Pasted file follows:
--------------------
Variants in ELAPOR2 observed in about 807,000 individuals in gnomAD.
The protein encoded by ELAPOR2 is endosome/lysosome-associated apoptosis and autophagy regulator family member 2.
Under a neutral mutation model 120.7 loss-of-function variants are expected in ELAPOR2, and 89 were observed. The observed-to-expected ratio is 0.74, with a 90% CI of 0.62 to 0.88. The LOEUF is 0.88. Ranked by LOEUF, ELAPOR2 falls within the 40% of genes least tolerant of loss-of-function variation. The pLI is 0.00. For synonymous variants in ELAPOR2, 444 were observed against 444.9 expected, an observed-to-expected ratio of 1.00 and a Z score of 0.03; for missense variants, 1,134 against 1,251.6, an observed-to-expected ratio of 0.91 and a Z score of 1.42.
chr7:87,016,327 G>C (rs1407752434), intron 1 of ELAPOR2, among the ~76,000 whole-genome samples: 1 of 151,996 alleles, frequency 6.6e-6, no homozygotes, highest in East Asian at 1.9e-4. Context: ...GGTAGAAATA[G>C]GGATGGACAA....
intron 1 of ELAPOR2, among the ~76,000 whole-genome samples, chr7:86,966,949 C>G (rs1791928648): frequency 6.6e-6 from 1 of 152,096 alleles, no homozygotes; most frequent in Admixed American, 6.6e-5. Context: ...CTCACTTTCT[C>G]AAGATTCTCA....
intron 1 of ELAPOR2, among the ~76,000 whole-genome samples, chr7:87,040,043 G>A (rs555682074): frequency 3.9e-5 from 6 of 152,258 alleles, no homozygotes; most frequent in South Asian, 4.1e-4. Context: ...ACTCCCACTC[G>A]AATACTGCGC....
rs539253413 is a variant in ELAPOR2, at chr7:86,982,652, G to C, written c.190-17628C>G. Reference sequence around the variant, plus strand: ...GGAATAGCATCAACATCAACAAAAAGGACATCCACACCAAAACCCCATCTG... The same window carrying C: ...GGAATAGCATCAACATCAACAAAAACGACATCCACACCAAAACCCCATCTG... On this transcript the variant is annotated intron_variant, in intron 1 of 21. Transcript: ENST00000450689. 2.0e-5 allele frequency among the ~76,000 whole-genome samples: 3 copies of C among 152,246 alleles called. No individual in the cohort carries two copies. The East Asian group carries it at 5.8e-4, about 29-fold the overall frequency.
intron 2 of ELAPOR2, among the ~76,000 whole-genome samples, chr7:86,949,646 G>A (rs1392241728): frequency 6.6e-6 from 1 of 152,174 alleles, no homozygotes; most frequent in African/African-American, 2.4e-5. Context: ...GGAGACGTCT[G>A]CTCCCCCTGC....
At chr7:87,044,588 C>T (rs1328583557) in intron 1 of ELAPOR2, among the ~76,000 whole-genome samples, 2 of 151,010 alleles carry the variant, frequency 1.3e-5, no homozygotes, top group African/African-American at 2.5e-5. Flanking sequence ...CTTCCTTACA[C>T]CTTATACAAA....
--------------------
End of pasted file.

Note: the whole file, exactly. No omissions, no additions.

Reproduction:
Variants in ELAPOR2 observed in about 807,000 individuals in gnomAD.
The protein encoded by ELAPOR2 is endosome/lysosome-associated apoptosis and autophagy regulator family member 2.
Under a neutral mutation model 120.7 loss-of-function variants are expected in ELAPOR2, and 89 were observed. The observed-to-expected ratio is 0.74, with a 90% CI of 0.62 to 0.88. The LOEUF is 0.88. Ranked by LOEUF, ELAPOR2 falls within the 40% of genes least tolerant of loss-of-function variation. The pLI is 0.00. For synonymous variants in ELAPOR2, 444 were observed against 444.9 expected, an observed-to-expected ratio of 1.00 and a Z score of 0.03; for missense variants, 1,134 against 1,251.6, an observed-to-expected ratio of 0.91 and a Z score of 1.42.
chr7:87,016,327 G>C (rs1407752434), intron 1 of ELAPOR2, among the ~76,000 whole-genome samples: 1 of 151,996 alleles, frequency 6.6e-6, no homozygotes, highest in East Asian at 1.9e-4. Context: ...GGTAGAAATA[G>C]GGATGGACAA....
intron 1 of ELAPOR2, among the ~76,000 whole-genome samples, chr7:86,966,949 C>G (rs1791928648): frequency 6.6e-6 from 1 of 152,096 alleles, no homozygotes; most frequent in Admixed American, 6.6e-5. Context: ...CTCACTTTCT[C>G]AAGATTCTCA....
intron 1 of ELAPOR2, among the ~76,000 whole-genome samples, chr7:87,040,043 G>A (rs555682074): frequency 3.9e-5 from 6 of 152,258 alleles, no homozygotes; most frequent in South Asian, 4.1e-4. Context: ...ACTCCCACTC[G>A]AATACTGCGC....
rs539253413 is a variant in ELAPOR2, at chr7:86,982,652, G to C, written c.190-17628C>G. Reference sequence around the variant, plus strand: ...GGAATAGCATCAACATCAACAAAAAGGACATCCACACCAAAACCCCATCTG... The same window carrying C: ...GGAATAGCATCAACATCAACAAAAACGACATCCACACCAAAACCCCATCTG... On this transcript the variant is annotated intron_variant, in intron 1 of 21. Transcript: ENST00000450689. 2.0e-5 allele frequency among the ~76,000 whole-genome samples: 3 copies of C among 152,246 alleles called. No individual in the cohort carries two copies. The East Asian group carries it at 5.8e-4, about 29-fold the overall frequency.
intron 2 of ELAPOR2, among the ~76,000 whole-genome samples, chr7:86,949,646 G>A (rs1392241728): frequency 6.6e-6 from 1 of 152,174 alleles, no homozygotes; most frequent in African/African-American, 2.4e-5. Context: ...GGAGACGTCT[G>A]CTCCCCCTGC....
At chr7:87,044,588 C>T (rs1328583557) in intron 1 of ELAPOR2, among the ~76,000 whole-genome samples, 2 of 151,010 alleles carry the variant, frequency 1.3e-5, no homozygotes, top group African/African-American at 2.5e-5. Flanking sequence ...CTTCCTTACA[C>T]CTTATACAAA....